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The liner can be formed in any desired way, with consideration as to the, above noted description of the liner. In a preferred embodiment, the liner is produced by extrusion, providing continuous production thereof, of course limited by raw material supply, reel handling size considerations, shipping, etc.
The liner is then wound with continuous fiber reinforcements. The reinforcements are generally wound about outer surface 14 of the liner once it is in the solid state. However, it is possible to apply the fiber reinforcements while the liner is in a molten, semi-molten, uncured or semi-cured state. If the outer surface of the liner is not yet solidified when the fibers are wrapped about it, the first fibers applied over the liner may sink to some degree into the surface of the liner. This can be tolerated, although it is preferred that the fibers not stick at all to the liner and be completely free floating.
One or more reinforcements including fibers of glass, nylon, polyester and/or aramid are wound to form a first layer 16, which is in contact with and covers entirely the outer surface of the liner. In one embodiment, 32 tows each of multiple fibers are wrapped to form a single layer. However, any number of fibers and tows can be used depending on tow fiber count, layer characteristics which are desired to be achieved and equipment capabilities.
Winding can be accomplished by use of a winder that winds one or more fibers in a helical fashion about the liner, as it is being advanced. The fibers are preferably wound at continuous tension levels using, for example, 5 to 10 pounds of pull force for glass. Winding tension may vary from layer to layer to accommodate differences with respect to the fiber material used in that layer. The level of tension force when winding higher elongation fibers is less important than when winding brittle fibers.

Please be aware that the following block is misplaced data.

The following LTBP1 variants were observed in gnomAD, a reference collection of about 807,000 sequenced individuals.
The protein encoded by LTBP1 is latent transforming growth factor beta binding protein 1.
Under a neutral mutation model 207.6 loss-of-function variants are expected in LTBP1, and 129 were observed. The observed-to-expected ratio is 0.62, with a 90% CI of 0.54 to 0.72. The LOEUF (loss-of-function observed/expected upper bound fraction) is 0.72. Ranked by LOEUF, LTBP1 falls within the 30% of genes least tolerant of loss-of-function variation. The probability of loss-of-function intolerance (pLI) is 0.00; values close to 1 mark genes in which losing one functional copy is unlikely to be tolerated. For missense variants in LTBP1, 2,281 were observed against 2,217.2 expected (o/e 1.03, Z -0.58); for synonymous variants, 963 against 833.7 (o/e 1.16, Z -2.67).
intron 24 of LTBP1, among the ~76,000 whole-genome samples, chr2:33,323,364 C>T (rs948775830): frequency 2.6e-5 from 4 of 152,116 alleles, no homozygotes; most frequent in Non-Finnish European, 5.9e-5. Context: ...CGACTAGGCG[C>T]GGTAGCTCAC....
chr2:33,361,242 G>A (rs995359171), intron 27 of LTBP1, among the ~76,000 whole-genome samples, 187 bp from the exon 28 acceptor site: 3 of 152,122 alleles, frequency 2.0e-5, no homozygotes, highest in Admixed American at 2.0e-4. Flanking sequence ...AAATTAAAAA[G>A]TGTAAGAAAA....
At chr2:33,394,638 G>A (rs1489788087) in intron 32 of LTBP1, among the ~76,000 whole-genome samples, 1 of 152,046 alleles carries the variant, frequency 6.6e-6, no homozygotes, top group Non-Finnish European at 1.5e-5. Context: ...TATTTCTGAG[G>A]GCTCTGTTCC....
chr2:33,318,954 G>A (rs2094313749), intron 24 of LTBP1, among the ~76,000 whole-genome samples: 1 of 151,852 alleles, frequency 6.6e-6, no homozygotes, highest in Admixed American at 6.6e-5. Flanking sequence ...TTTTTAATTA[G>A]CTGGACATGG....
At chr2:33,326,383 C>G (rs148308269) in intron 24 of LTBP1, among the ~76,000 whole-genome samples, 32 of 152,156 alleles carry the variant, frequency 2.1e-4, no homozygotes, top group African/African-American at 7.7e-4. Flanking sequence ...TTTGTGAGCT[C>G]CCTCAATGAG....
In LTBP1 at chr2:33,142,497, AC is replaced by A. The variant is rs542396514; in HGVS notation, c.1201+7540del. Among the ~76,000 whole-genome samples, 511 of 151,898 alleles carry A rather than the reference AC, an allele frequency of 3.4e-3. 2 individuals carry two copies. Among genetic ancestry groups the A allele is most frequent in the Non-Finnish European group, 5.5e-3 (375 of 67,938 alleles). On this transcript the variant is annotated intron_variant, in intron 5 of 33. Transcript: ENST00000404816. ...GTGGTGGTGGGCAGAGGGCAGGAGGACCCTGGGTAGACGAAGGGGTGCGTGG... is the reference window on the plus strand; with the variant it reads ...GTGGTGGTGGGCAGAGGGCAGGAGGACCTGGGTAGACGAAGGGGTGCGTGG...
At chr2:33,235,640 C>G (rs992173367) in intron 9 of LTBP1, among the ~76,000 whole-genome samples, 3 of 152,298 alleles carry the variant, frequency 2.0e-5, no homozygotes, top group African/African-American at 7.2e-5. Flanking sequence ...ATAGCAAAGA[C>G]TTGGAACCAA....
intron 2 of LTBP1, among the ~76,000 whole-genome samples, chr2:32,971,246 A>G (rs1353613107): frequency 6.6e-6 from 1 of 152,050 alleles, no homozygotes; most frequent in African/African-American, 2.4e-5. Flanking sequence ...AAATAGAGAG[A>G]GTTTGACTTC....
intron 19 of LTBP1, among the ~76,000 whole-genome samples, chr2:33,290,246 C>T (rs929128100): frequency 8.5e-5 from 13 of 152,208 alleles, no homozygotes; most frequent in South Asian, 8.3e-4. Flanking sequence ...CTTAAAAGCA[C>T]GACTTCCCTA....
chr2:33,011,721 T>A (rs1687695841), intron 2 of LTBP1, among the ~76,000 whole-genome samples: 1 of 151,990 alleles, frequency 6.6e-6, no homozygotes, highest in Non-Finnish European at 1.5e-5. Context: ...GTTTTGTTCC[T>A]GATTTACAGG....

In a layer winding process, a few individual terminated fibers in a bundle can be ignored and the free ends will usually be brought back into the bundle as winding continues. A broken fiber which is wound back into the layer recovers its loading capability within a few centimeters. While it is desirable to avoid the use of spliced tows in, or the need to splice tows during production of, a length of pipe, some splices can be accommodated without significant adverse effects on pipe performance. An entire broken tow can be spliced back into the process for continued pipe production by introduction back into the winding process, by use of a stitch or glue. Preferably, however, with consideration as to the length and the wind angle of the pipe to be produced, a tow supply is selected that does to ensure that splices need not be present along the length of the pipe.